Redistricting special session ends as Republican leadership shrugs off complaints: With only moderate muss and fuss, lawmakers on Friday sent six redistricting bills to Gov. Kevin Stitt following a weeklong special session. The bills include new maps for the 101 House districts, 48 Senate districts and five congressional districts, plus temporary adjustments to residency and party registration requirements. [Tulsa World] Oklahoma lawmakers’ redistricting work is done, and Democratic lawmakers are not pleased. [Public Radio Tulsa]

  • Capitol Watch: After Lawmakers Pass Redistricting Maps, What Comes Next? [Oklahoma Watch]
  • In Their Words: What Lawmakers Have to Say As Redistricting Plans Pass [Oklahoma Watch]
  • Oklahoma redistricting maps head to Gov. Kevin Stitt for final approval [The Oklahoman]

Viewpoint: Oklahomans should be represented through fair congressional maps: Oklahoma Senate Democrats introduced Senate Bill 6X, a congressional map that prioritizes compactness and communities of interest because we know a fair congressional map is possible for Oklahoma. The map we proposed showed it is possible to draw fair congressional districts without gerrymandering, ensuring our state’s most densely urban communities are not split down the middle and rural areas are well represented. [Senator Kay Floyd / The Oklahoman]

Stillwater, like other college towns, considers options for census undercount: Officials from some smaller college towns seem to have faced greater than normal challenges getting a complete count in the 2020 U.S. Census when students left campus in response to the COVID-19 pandemic right before the count took place. [Stillwater News Press]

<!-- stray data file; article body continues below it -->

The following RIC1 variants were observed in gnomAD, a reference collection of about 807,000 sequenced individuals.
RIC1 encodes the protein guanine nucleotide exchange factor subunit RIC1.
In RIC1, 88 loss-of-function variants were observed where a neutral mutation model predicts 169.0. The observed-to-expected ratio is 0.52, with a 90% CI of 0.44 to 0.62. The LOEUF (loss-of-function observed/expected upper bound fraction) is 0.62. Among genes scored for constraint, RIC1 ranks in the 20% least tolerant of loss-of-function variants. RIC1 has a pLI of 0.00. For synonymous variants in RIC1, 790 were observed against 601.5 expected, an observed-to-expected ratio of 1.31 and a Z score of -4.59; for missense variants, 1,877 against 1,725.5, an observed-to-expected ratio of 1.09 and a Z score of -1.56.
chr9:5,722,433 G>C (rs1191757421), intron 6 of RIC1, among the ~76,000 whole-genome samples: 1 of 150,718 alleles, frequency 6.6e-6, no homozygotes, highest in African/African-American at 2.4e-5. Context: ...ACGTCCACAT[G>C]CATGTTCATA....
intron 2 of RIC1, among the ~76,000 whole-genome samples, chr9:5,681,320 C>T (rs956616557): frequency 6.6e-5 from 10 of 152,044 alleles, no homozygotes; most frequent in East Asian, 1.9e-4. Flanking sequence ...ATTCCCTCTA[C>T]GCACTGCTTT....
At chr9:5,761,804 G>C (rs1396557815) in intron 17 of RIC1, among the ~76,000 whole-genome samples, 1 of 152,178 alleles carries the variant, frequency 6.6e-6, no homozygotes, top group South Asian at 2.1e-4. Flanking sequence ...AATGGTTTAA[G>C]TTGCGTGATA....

Oklahoma Health Care Authority Board adopts rules that could again open door to privatized Medicaid: The board that administers Medicaid in Oklahoma adopts a set of emergency rules over the objections of physicians. At a Wednesday meeting of the Oklahoma Health Care Authority Board, representatives from the Alliance of Mental Health Providers in Oklahoma and other groups spoke during the public comment period against the adoption of rules that could again open the door to Medicaid in the state being managed by private insurance companies. [Public Radio Tulsa] OK Policy has published a number of pieces that show privatized health care management has a negative impact for many Oklahomans

Federal Government News

Oklahoma Democratic chair praises Build Back Better bill opposed by GOP lawmakers: Republican lawmakers from Oklahoma harshly criticized Build Back Better legislation approved early Friday by the U.S. House, while the Oklahoma Democratic Party praised provisions aimed at expanding pre-school, making health care more affordable and combating climate change. [The Oklahoman]